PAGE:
With the NHL preseason a few weeks away, I must admit that I have never been much of a hockey fan. Basketball, baseball, football, and soccer are all sports I follow intensely, but hockey never really piqued my interest. That all changed over the course of a few months earlier this year.
On February 21st, 2014, I sat in my room after a long day of running errands with my girlfriend. Exhausted, I opened my laptop, scourging the Internet for various sports news. While I read about the Sixers’ historically bad losing streak, my phone buzzed. The text I received came from my dad and read, “Linda (my stepmom) is in the hospital. She had a stroke, but she is OK.” In that moment, my heart plummeted. I immediately called my dad and he gave me the details about what had happened.
My dad and my half-brother, Joey (only 7 at the time), seemed to be handling it poorly. My dad, who wound up spending the next few weeks injecting Linda with an IV every eight hours, seemed to be in denial about the whole event. Joey would not give me more than one-word answers. I called Joey daily but his head was high in the clouds, wondering, “if that could happen to my mom, what will happen to me?” To help Joey get his mind off Linda’s stroke, my dad bought him the NHL package. An avid hockey fan, Joey watched the NHL package constantly, sitting three feet away from the screen while watching teams from all over the league. For the first time, I actually began to follow the NHL.
I supported the Philadelphia Flyers on behalf of Joey. The Flyers began the season slowly, but managed to finish strong and get a first round matchup against the New York Rangers. The series was back and forth, but the Flyers found themselves down 3-2 in the series heading back to Philadelphia. Since Game 6 was at Wells Fargo Center, my dad and Joey went to the game. I feared the worst given that Joey had cried following an overtime loss to the Devils earlier in the year. However, Wayne Simmonds came through, scoring a hat trick and leading the Flyers to a 5-2 victory.
Game 7 was at Madison Square Garden. I wound up watching the game at Epicurean, just under my dorm room in Darnall where I heard of Linda’s stroke. The game started slow with no goals in the first period. However, the second period was a different story as the Rangers attacked the net and scored twice. Down two goals, the Flyers needed an impressive third period to score on Henrik Lundqvist. On top of that, the Rangers have never lost a Game 7 in MSG.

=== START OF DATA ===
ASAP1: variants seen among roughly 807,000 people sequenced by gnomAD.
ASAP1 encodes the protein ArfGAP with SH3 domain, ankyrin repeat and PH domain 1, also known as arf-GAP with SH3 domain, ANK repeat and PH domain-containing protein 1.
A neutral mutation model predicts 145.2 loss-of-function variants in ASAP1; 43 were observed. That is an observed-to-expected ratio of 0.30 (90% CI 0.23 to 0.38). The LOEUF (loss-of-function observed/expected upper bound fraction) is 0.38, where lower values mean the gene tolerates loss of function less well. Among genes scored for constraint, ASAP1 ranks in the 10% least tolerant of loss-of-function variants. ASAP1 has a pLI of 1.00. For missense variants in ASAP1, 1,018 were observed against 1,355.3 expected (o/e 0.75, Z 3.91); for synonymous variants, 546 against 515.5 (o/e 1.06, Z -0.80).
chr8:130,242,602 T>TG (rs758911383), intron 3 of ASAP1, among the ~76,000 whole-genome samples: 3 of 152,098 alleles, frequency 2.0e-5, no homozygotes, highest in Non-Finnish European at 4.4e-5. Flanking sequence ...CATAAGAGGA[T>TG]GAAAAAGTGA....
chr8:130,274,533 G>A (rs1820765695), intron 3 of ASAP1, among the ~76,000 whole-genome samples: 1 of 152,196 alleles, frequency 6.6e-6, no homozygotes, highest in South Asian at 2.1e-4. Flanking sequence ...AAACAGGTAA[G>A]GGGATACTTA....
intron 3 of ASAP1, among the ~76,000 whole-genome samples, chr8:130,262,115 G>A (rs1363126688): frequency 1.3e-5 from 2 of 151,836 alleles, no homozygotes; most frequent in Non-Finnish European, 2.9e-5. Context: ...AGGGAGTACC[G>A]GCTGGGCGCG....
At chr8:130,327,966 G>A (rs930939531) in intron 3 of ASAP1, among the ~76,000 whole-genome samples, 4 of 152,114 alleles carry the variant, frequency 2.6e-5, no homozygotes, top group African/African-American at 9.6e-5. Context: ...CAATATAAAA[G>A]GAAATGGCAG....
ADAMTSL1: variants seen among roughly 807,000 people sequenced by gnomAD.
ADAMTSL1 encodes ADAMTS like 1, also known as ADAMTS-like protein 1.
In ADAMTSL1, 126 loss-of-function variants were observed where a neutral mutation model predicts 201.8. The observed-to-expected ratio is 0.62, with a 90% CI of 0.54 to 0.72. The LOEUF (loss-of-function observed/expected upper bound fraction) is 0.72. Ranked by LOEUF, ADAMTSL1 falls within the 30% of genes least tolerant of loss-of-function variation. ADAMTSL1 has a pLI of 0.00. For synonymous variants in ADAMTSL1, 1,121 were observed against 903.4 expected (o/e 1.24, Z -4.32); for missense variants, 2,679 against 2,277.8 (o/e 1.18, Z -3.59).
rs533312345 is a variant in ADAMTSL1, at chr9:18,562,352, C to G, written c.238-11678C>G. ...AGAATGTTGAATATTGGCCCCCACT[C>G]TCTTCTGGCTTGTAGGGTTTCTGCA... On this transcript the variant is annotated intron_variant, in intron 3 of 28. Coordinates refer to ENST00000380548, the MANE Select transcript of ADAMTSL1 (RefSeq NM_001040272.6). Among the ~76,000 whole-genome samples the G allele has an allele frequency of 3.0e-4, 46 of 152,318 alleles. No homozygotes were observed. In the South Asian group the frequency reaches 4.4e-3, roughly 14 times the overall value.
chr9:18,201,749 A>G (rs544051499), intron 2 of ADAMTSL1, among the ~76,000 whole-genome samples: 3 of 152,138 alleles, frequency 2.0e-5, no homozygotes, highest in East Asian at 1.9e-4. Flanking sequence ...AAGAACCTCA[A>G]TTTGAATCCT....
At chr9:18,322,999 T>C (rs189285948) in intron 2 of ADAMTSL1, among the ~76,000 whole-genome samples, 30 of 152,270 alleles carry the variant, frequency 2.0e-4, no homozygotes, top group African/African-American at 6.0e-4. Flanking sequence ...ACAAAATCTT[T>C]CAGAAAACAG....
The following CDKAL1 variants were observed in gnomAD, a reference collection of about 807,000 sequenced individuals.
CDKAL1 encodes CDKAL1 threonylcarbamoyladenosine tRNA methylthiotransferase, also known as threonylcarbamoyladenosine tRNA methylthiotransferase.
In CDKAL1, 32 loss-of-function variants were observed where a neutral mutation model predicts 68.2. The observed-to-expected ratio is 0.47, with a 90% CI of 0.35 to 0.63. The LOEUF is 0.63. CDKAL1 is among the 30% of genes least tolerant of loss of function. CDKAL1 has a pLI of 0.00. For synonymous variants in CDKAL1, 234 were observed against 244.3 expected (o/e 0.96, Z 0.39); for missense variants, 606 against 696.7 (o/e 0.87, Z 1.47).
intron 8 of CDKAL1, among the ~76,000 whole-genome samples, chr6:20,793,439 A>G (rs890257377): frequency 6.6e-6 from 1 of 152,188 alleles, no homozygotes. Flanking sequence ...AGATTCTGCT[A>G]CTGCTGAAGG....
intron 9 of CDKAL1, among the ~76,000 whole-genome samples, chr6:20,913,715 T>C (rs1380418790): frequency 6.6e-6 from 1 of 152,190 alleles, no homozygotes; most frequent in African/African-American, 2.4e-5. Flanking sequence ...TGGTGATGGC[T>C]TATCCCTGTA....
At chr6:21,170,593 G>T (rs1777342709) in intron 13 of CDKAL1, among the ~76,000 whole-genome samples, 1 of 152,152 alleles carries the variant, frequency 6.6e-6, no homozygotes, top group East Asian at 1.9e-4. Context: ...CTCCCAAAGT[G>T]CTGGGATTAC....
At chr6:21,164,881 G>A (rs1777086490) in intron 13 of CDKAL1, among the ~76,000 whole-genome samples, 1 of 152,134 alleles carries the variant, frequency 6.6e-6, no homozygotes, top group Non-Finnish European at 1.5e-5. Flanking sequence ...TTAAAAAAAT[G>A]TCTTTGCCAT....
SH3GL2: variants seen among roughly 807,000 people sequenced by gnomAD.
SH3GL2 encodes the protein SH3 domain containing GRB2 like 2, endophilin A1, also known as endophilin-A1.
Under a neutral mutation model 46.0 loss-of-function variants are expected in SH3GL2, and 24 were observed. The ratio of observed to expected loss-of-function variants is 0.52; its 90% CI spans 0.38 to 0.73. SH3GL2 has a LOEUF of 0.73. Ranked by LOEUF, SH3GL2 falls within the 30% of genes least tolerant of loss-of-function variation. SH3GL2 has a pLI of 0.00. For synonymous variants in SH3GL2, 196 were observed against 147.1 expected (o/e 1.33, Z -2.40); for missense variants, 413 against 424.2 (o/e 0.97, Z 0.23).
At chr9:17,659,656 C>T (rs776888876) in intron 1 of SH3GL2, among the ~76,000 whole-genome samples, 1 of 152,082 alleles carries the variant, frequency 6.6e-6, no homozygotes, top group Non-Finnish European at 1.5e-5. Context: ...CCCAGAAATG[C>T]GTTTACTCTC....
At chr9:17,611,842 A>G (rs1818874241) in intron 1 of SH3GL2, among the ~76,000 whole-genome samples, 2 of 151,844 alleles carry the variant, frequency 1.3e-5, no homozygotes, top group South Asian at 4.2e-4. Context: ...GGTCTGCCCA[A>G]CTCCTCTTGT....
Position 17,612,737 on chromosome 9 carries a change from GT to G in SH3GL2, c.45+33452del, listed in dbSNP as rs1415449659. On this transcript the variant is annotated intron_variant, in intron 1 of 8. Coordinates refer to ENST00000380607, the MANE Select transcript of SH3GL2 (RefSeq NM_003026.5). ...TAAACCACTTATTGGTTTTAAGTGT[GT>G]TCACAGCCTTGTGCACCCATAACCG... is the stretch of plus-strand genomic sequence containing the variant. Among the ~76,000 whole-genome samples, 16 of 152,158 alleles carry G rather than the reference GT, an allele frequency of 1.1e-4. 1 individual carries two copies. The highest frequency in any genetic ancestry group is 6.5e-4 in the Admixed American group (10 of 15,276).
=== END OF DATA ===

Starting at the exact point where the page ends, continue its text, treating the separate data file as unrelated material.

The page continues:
I called Joey to tell him that I still had hope and from the tone in Joey’s voice, he did too. Jason Akeson gave us more reason to believe by cutting the Rangers’ lead in half with more than fifteen minutes left in the game. For the rest of the game, Flyers’ goaltender Steve Mason looked stellar, so all the Flyers needed to do was score. Unfortunately, the goal never came. Philadelphia fired shot after shot, but it did not seem to matter; the Rangers were going to win the game. The final horn sounded with the Rangers celebrating their narrow victory while the Flyers skated off the ice, fatigued and dejected.
After the loss, I was a little choked up. It was unfair. Joey loved the Flyers and rather than lose in a sweep or in a lopsided game, they lost in the most gut-wrenching way. For all Joey had gone through that year, why did the Flyers have to lose that way? I asked myself existential question after question with no answers. I did not talk to many people that night because I was so confused and frustrated.
Soon after, I went home after finals. I did not get to see Joey until my sister’s college graduation later that week. When he spotted me, his mouth formed a gapped tooth grin and he gave me a huge hug. We talked about all different things: school, girls, friends, etc. Finally, I brought up hockey. Joey began ranting about the LA Kings and how he wanted them to win. When I asked him about the Flyers, he said, “Well, they can win next year.” That is when I realized why we love sports: hope. The highs and lows are all worth it because at the end of the day, we know that our teams can win a title in the near future. Joey, who had just turned eight, recognized an idea that never even passed my mind. A loss only stings in the moment because there is an offseason to rebuild that optimism. The Cubs may be 106 years removed from a title, but in 2003, they were a win away from a National League Pennant. Down 3-0 to the New York Yankees in the ALCS, the 2004 Boston Red Sox saw hope in the gloomiest of situations and won the World Series. Billy Cundiff missed a kick that would have sent the Baltimore Ravens to the Super Bowl, but the next season the Ravens came back and held the Lombardi Trophy. Those tough losses may bother us for a long time, but the elation that victory brings us triumphs over all else.
We separate ourselves from our personal reality and immerse ourselves in football or baseball or hockey. At the end of the day, there is always that hope that gives us reason to watch sports tomorrow. I know when I head home this winter break, Joey and I will be sitting next to the television watching the Flyers pursue the Stanley Cup. And even if they do not do well, they can still win next year.
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Georgetown University Class of 2017
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